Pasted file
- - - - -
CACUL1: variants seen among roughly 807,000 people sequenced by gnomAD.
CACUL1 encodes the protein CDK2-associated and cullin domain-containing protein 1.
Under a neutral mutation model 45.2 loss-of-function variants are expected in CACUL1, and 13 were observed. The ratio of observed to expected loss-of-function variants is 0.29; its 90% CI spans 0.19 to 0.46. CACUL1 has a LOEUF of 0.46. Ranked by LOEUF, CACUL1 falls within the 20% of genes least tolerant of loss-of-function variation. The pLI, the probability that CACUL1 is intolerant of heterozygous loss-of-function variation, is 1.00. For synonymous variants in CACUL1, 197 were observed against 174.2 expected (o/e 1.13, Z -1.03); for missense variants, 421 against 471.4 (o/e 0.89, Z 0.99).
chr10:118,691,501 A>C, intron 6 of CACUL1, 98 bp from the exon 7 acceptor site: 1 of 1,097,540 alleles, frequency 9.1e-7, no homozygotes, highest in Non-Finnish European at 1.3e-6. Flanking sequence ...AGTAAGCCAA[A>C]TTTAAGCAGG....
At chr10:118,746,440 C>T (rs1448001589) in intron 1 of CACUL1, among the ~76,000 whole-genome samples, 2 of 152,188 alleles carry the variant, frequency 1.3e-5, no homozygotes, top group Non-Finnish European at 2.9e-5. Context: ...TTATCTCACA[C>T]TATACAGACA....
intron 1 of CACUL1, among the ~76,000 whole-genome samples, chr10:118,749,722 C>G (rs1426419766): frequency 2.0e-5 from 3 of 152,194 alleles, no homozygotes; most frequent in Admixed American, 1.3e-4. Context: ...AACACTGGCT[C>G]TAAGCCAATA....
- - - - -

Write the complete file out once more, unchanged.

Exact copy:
CACUL1: variants seen among roughly 807,000 people sequenced by gnomAD.
CACUL1 encodes the protein CDK2-associated and cullin domain-containing protein 1.
Under a neutral mutation model 45.2 loss-of-function variants are expected in CACUL1, and 13 were observed. The ratio of observed to expected loss-of-function variants is 0.29; its 90% CI spans 0.19 to 0.46. CACUL1 has a LOEUF of 0.46. Ranked by LOEUF, CACUL1 falls within the 20% of genes least tolerant of loss-of-function variation. The pLI, the probability that CACUL1 is intolerant of heterozygous loss-of-function variation, is 1.00. For synonymous variants in CACUL1, 197 were observed against 174.2 expected (o/e 1.13, Z -1.03); for missense variants, 421 against 471.4 (o/e 0.89, Z 0.99).
chr10:118,691,501 A>C, intron 6 of CACUL1, 98 bp from the exon 7 acceptor site: 1 of 1,097,540 alleles, frequency 9.1e-7, no homozygotes, highest in Non-Finnish European at 1.3e-6. Flanking sequence ...AGTAAGCCAA[A>C]TTTAAGCAGG....
At chr10:118,746,440 C>T (rs1448001589) in intron 1 of CACUL1, among the ~76,000 whole-genome samples, 2 of 152,188 alleles carry the variant, frequency 1.3e-5, no homozygotes, top group Non-Finnish European at 2.9e-5. Context: ...TTATCTCACA[C>T]TATACAGACA....
intron 1 of CACUL1, among the ~76,000 whole-genome samples, chr10:118,749,722 C>G (rs1426419766): frequency 2.0e-5 from 3 of 152,194 alleles, no homozygotes; most frequent in Admixed American, 1.3e-4. Context: ...AACACTGGCT[C>G]TAAGCCAATA....